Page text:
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Osborne steers clear of pigeonholes


People were talking about Joan Osborne even before her new album, "Relish," began earning her a reputation as one of the most promising songwriters on the scene. Trouble was, the word-of-mouth reports -- though invariably positive -- sometimes gave the wrong impression about the kind of music she made.

For instance, there were those who pegged her as a folkie, mostly because she was female and played guitar. "It's kind of that reductive sort of thing," she says, acknowledging the "logic" behind that rumor. "Actually, I don't play that much guitar, and for a long time, because I was singing in blues bars, people considered me a blues singer.

"So there are a lot of different labels that people try to put on you."

Osborne, though, would prefer to steer clear of pigeonholes. "I try to avoid classifying it in every possible way," she says, over the phone from her record company's New York offices. "I think if I had to call it something, I'd call it soul music -- just because I try to keep in mind that soul has got to be the main ingredient, no matter what you're doing.

"But it certainly doesn't fall neatly into the soul music category as people define it, so I try not to make too much of that."

Sit down with "Relish," and it quickly becomes clear just how broad Osborne's sense of soul is. Sure, there are songs that draw from the R&B; side of soul, from the plaintive, bluesy strains of "Man in the Long Black Coat" to the dark, swampy cadences of "Spider Web." But you could also apply the spiritual facet of the word in theologically inclined tunes like "St. Teresa" or "One of Us."

Either way, what comes through is a strong sense of Osborne's gifts as a singer/songwriter. Not in the confessional, "I don't need an analyst because I'm telling all you people this stuff" sense of the term ("I hate that stuff," laughs Osborne), but in the intimate, storytelling aspect of singer/songwriting.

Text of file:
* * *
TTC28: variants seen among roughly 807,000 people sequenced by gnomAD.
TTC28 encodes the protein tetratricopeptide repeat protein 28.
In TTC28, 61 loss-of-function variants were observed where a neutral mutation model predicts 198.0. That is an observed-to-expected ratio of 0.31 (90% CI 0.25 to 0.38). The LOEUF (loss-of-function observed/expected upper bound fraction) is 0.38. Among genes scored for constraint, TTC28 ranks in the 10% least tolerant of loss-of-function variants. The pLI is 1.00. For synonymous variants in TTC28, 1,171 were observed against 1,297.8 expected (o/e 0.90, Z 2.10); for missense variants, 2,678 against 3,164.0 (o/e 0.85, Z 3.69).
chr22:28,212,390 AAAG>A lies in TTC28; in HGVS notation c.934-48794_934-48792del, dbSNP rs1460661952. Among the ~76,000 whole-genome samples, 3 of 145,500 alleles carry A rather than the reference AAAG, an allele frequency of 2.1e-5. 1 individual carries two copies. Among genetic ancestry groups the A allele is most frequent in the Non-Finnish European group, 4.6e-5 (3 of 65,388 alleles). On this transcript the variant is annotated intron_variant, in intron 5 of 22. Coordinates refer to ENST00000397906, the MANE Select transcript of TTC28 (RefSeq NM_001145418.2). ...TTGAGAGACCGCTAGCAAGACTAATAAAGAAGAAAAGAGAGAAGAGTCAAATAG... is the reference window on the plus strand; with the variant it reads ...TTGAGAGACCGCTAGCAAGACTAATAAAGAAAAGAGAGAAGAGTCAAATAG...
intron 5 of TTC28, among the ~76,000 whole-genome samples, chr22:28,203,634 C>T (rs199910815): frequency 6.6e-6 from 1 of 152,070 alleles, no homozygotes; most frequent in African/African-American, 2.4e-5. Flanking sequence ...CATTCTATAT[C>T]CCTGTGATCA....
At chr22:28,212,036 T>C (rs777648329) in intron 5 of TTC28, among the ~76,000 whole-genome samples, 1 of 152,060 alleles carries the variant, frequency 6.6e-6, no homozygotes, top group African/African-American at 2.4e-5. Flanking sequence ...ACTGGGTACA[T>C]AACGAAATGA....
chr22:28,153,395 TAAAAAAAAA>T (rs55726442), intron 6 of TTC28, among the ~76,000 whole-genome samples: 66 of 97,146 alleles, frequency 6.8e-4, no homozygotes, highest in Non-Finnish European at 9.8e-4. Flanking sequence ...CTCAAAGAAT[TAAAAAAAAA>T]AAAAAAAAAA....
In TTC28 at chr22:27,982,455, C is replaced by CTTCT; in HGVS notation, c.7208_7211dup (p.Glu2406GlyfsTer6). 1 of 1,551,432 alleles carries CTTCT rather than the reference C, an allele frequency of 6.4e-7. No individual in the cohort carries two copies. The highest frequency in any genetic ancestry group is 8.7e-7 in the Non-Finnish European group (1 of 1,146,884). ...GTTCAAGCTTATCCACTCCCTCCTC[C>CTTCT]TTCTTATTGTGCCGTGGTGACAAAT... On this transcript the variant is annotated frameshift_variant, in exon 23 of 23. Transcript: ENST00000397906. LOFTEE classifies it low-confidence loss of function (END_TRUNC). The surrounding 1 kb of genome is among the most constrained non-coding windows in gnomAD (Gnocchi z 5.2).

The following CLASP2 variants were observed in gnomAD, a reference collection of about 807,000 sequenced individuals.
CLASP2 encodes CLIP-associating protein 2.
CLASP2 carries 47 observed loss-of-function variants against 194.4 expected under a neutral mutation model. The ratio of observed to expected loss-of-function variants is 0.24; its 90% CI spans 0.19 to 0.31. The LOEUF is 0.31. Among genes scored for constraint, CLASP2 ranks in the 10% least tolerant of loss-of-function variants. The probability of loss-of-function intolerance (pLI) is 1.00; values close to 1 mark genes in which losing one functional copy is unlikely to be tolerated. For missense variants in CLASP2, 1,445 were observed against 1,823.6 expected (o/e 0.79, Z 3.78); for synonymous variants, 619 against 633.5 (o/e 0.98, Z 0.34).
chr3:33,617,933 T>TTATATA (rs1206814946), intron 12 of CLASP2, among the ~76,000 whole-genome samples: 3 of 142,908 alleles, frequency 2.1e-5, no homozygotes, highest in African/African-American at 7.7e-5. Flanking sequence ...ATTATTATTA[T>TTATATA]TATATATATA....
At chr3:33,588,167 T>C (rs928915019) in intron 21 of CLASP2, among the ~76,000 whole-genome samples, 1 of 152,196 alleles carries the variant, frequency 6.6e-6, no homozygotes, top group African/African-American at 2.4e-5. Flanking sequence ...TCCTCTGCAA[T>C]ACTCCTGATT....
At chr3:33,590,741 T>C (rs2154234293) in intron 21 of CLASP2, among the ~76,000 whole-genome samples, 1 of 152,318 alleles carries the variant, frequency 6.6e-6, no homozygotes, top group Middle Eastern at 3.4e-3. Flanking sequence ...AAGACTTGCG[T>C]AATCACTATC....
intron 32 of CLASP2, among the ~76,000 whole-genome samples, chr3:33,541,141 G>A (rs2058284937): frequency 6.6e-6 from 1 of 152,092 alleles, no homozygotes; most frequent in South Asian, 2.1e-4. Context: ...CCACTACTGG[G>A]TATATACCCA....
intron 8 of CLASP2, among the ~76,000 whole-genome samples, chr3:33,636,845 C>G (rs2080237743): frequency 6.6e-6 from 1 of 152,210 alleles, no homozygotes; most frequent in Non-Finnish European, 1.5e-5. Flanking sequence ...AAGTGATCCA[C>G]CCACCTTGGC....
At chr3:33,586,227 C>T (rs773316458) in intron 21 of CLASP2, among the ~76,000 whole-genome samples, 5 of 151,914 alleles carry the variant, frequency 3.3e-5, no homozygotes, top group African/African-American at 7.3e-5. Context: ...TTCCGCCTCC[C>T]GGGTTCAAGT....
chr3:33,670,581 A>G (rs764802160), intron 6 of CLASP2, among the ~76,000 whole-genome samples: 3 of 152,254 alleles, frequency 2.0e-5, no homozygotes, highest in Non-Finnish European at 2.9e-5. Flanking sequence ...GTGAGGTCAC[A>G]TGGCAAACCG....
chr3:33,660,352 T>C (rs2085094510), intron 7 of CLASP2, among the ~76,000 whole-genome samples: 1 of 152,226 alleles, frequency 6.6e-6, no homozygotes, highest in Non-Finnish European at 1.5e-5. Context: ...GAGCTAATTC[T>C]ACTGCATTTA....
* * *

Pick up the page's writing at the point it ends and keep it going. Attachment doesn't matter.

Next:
"I had this picture in my head of sitting on someone's shoulder and whispering in their ear," she says of the album. "As opposed to a live show, where you're trying to make people dance, rock them out and stuff."

Moreover, there's a genuine sense of intelligence in Osborne's work. It isn't just that her ideas are thought-provoking and insightful; she also seems to give her listeners credit for having a certain amount of gray matter on hand.

"It always annoyed me, both as a music listener and as an artist who's trying to communicate something, that record companies seem to think that audiences are not very smart and need to be told what to like," she says. "Audiences have always listened to a broad range of things, and don't think of themselves in these marketing-strategy ways that record companies and people like that think about them.

"And that was really what kept me going," she adds. "That it was real from the beginning. I was singing songs in front of people and communicating something to them. I don't mean to say that people were clapping for me, and that stroked my ego; it wasn't about that. It was about seeing that these songs meant something to people, and after a while, people started to sing along with them, and that it was a real thing. Even if it was on a smaller scale than, like, Madonna or something."

Joan Osborne

When: Monday. Oct. 23, 8 p.m.

Where: Hammerjacks

Tickets: $16.50

PD Call: (410) 481-7328 for tickets, (410) 659-7625 for information

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